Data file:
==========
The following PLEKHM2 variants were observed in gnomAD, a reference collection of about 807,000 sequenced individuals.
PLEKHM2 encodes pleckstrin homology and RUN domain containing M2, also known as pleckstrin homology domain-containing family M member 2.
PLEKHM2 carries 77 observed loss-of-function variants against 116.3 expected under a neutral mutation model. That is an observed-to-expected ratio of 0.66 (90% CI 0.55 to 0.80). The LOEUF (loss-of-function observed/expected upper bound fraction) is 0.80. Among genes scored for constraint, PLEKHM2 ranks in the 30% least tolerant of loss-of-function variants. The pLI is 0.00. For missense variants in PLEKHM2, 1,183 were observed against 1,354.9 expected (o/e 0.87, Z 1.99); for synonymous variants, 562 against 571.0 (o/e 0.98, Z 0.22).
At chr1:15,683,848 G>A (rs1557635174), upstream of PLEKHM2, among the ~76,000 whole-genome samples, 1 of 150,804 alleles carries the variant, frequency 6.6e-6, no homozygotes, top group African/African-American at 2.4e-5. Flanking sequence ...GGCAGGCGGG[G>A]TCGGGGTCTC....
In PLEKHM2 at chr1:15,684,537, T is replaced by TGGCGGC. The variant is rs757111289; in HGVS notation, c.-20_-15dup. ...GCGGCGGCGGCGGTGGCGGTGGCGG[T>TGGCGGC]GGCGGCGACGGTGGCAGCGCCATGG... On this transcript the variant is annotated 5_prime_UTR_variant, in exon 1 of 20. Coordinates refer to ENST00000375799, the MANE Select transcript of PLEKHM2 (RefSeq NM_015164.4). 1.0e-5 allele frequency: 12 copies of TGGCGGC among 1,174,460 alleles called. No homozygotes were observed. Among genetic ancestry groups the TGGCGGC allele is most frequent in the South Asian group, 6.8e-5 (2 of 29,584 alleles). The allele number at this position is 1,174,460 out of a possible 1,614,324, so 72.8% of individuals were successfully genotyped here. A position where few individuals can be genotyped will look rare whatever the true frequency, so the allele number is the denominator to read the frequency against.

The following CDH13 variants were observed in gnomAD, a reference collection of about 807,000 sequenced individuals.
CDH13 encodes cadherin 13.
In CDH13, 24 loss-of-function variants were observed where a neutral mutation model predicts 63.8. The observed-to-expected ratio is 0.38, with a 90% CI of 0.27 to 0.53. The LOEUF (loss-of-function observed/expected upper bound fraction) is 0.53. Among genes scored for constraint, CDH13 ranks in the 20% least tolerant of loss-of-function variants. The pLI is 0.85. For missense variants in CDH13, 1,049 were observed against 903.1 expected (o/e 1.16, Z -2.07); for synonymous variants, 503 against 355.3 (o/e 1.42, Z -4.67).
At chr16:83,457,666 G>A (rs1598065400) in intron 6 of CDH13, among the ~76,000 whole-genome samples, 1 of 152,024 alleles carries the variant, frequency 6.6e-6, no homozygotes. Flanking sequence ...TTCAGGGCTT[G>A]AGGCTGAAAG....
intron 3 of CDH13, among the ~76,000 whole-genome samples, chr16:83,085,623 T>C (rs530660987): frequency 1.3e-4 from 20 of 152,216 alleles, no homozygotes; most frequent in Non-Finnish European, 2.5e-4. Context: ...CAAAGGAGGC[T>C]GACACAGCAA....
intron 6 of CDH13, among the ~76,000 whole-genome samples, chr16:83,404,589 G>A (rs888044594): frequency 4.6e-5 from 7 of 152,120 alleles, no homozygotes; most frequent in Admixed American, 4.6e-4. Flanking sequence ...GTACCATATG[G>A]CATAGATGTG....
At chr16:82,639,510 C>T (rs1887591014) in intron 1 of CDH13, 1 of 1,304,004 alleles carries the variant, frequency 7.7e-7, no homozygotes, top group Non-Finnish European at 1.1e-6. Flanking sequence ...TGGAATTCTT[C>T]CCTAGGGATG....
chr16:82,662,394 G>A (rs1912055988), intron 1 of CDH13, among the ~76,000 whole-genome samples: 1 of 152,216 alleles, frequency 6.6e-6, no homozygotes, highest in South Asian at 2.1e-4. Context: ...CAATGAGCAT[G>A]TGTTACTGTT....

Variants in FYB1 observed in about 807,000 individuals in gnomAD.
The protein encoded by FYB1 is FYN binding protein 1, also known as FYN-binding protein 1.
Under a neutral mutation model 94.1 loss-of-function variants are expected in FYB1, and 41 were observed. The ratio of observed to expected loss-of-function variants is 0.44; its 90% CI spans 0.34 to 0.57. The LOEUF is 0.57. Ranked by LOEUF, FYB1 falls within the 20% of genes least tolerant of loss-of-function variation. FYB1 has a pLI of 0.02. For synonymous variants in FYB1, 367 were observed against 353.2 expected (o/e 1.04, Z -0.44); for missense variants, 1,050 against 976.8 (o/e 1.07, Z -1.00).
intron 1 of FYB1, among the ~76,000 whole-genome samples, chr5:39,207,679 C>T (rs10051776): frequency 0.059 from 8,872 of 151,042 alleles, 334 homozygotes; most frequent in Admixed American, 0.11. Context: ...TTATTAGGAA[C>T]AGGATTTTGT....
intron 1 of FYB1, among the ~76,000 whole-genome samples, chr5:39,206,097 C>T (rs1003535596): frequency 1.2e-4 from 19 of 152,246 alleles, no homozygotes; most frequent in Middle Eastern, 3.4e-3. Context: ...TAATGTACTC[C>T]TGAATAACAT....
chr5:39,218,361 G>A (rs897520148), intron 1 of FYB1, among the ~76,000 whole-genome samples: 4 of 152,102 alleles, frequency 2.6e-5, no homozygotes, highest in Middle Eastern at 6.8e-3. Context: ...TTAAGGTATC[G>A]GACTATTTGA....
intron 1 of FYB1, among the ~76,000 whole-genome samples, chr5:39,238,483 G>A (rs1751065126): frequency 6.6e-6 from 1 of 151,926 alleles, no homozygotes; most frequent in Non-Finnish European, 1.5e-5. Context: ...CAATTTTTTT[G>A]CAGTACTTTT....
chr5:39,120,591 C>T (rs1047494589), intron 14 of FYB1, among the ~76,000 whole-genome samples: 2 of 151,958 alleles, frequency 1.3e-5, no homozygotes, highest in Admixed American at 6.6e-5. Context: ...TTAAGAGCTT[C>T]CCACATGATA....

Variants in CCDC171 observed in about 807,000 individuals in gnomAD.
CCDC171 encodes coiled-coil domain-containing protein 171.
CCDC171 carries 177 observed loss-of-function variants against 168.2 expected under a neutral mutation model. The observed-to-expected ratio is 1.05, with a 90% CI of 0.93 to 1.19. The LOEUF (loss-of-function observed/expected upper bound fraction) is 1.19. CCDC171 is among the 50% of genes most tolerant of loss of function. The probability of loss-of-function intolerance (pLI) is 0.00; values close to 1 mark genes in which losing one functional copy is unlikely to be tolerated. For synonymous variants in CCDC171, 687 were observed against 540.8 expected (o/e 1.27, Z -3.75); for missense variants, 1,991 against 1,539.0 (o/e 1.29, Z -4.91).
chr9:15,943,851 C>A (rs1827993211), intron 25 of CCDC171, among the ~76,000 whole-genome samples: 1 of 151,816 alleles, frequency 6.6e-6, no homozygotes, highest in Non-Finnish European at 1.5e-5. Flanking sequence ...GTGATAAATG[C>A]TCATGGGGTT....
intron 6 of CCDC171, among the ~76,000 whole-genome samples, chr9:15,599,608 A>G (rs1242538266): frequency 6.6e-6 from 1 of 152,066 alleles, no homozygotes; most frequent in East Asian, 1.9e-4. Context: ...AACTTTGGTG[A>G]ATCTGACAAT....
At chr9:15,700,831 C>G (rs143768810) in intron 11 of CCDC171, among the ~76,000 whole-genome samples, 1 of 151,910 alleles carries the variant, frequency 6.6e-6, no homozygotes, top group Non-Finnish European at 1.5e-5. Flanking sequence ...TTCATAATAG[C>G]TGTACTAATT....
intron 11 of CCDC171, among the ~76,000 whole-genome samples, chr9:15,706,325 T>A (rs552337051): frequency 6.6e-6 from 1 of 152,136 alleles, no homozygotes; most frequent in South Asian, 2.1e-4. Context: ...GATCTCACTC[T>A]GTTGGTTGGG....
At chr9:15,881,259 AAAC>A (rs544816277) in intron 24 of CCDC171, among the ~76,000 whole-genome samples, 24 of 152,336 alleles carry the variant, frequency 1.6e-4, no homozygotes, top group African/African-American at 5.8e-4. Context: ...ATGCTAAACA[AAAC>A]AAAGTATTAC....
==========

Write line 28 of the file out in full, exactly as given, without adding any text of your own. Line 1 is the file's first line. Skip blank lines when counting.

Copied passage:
intron 11 of CCDC171, among the ~76,000 whole-genome samples, chr9:15,706,325 T>A (rs552337051): frequency 6.6e-6 from 1 of 152,136 alleles, no homozygotes; most frequent in South Asian, 2.1e-4. Context: ...GATCTCACTC[T>A]GTTGGTTGGG....